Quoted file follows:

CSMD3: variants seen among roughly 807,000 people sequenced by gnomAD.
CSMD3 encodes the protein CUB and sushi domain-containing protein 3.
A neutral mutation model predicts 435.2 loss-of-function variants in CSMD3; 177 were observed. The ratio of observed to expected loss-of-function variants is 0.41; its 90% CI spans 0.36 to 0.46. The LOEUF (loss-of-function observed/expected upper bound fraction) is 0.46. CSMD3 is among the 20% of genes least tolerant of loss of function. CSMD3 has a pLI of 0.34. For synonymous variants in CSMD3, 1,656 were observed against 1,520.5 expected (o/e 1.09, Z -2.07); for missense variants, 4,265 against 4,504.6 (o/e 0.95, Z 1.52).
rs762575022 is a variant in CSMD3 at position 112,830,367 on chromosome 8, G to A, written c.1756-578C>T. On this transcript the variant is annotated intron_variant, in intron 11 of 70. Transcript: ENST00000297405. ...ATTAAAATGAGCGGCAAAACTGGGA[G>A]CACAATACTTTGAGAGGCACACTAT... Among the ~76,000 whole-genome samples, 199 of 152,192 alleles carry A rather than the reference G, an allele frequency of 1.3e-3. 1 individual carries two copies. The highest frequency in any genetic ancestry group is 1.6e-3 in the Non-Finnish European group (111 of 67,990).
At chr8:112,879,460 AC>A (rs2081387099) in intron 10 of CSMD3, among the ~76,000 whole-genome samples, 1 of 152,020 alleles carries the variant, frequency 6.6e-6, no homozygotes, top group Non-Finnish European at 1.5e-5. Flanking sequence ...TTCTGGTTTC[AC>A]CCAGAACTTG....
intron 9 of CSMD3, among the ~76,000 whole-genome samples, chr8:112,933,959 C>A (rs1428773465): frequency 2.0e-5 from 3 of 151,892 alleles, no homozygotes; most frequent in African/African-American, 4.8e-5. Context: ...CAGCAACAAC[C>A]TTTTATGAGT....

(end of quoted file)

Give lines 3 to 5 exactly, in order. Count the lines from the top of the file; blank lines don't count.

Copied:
A neutral mutation model predicts 435.2 loss-of-function variants in CSMD3; 177 were observed. The ratio of observed to expected loss-of-function variants is 0.41; its 90% CI spans 0.36 to 0.46. The LOEUF (loss-of-function observed/expected upper bound fraction) is 0.46. CSMD3 is among the 20% of genes least tolerant of loss of function. CSMD3 has a pLI of 0.34. For synonymous variants in CSMD3, 1,656 were observed against 1,520.5 expected (o/e 1.09, Z -2.07); for missense variants, 4,265 against 4,504.6 (o/e 0.95, Z 1.52).
rs762575022 is a variant in CSMD3 at position 112,830,367 on chromosome 8, G to A, written c.1756-578C>T. On this transcript the variant is annotated intron_variant, in intron 11 of 70. Transcript: ENST00000297405. ...ATTAAAATGAGCGGCAAAACTGGGA[G>A]CACAATACTTTGAGAGGCACACTAT... Among the ~76,000 whole-genome samples, 199 of 152,192 alleles carry A rather than the reference G, an allele frequency of 1.3e-3. 1 individual carries two copies. The highest frequency in any genetic ancestry group is 1.6e-3 in the Non-Finnish European group (111 of 67,990).
At chr8:112,879,460 AC>A (rs2081387099) in intron 10 of CSMD3, among the ~76,000 whole-genome samples, 1 of 152,020 alleles carries the variant, frequency 6.6e-6, no homozygotes, top group Non-Finnish European at 1.5e-5. Flanking sequence ...TTCTGGTTTC[AC>A]CCAGAACTTG....